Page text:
From a system-level perspective, three components work together to ensure proper operation of a peer-to-peer data stream: the writer, the reader, and the host.
A peer-to-peer data stream cannot exist without the presence of a host computer, such as a PXI system, running a host application. The host links the writer and reader together and maintains the stream.
The host must continue to run the host application to maintain the stream, but the host processor does not participate in the actual transfer of data between the writer and reader. In addition, the host does not have access to data in the stream, the writer, or the reader. The host provides the following services:
You can write host applications to handle errors or faults that occur in the writer or reader. For example, the host application can manipulate the state of the reader while the stream is actively transmitting data to prevent the reader from receiving stream data if the writer encounters a problem. In this situation, the host application can shut down the stream attached to the reader in a safe and controlled way.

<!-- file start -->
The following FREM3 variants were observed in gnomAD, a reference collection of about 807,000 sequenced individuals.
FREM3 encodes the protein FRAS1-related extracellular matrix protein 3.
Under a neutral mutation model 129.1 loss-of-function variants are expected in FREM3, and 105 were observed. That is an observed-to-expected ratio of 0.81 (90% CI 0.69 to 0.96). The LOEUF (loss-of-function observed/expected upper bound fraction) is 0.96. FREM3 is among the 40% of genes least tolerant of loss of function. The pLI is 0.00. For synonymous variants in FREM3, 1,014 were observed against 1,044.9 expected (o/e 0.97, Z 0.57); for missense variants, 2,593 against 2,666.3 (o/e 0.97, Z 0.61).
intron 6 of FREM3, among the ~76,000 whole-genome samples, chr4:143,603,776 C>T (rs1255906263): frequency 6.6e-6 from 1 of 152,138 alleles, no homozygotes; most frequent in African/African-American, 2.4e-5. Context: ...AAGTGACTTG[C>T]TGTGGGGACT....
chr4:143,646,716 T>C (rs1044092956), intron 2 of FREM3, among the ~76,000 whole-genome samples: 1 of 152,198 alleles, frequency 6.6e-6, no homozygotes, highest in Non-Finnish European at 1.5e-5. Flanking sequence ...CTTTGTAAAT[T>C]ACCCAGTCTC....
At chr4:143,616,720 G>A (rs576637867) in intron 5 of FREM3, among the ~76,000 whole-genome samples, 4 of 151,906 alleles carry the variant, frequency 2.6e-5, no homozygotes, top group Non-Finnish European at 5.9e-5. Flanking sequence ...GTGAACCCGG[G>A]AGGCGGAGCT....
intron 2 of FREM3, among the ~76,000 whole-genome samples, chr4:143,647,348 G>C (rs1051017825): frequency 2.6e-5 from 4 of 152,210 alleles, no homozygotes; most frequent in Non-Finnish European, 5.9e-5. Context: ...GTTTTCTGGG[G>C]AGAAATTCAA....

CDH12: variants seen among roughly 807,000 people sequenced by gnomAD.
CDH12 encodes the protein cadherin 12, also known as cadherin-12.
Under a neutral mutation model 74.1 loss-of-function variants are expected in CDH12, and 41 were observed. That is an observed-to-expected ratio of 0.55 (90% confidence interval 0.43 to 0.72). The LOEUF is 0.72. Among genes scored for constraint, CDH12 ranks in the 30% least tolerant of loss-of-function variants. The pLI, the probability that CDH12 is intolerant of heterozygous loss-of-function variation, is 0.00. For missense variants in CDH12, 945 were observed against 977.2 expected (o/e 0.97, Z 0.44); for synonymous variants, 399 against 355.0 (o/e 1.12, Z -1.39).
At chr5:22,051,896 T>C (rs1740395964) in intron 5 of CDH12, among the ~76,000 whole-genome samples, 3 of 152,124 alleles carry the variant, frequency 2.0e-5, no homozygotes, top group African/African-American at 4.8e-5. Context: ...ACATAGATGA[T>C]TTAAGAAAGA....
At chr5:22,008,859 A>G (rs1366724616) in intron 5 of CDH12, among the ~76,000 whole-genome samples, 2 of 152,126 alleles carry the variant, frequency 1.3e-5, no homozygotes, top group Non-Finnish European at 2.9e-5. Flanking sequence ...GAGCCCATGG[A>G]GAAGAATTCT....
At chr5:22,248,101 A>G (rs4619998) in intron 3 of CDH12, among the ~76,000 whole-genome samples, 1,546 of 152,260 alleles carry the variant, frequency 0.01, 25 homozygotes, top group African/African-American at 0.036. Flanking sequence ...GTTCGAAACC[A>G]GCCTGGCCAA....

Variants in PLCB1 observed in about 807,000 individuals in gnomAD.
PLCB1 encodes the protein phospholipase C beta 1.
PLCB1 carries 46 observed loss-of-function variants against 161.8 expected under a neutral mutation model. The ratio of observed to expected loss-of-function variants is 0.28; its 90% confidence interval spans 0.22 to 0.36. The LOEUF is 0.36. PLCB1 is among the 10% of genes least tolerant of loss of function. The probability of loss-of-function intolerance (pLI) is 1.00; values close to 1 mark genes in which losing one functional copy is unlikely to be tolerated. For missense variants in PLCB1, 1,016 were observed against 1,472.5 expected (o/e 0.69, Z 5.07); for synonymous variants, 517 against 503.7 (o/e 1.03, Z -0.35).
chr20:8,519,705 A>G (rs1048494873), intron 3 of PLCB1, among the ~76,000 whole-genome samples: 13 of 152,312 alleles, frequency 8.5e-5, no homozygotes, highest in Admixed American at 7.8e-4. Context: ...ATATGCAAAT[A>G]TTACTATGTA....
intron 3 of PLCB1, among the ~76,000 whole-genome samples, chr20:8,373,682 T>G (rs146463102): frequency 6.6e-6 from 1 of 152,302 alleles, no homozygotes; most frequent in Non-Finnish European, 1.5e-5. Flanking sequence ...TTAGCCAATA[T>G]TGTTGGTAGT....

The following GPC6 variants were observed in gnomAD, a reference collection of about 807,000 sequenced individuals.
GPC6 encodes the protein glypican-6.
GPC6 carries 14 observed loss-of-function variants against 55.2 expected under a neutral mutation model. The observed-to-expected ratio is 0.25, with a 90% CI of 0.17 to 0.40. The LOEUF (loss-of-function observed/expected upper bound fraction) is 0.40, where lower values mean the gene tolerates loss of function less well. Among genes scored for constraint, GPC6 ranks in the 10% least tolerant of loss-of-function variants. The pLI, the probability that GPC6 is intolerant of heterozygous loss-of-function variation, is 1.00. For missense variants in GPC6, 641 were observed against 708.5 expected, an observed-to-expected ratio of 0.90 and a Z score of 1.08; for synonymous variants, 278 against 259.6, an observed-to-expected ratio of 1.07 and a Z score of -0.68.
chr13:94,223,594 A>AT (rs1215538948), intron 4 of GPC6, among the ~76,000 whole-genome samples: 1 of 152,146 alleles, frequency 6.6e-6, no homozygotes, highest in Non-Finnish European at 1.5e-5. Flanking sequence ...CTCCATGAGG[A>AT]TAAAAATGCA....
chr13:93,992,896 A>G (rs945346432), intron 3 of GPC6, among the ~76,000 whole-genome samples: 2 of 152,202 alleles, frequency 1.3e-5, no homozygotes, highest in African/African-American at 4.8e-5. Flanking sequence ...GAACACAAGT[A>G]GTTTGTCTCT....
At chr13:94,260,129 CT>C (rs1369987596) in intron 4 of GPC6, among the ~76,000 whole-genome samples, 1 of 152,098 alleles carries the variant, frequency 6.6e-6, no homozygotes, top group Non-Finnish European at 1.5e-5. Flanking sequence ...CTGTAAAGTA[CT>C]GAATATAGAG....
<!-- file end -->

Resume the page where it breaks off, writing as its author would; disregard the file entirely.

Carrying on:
The writer and reader are the origin and terminus of the unidirectional data stream, respectively. The writer is the device resource that writes data to the stream. The reader is the device resource that reads data from the stream.
Hardware devices that are capable of peer-to-peer data streaming can participate in multiple streams by using different resources as the writer and reader. Because the peer-to-peer data streaming architecture is unidirectional, each device resource can either write data to a stream or read data from the stream, but the same device resource cannot be both a writer and reader. Only hardware resource availability limits the number of streams that a device resource can support.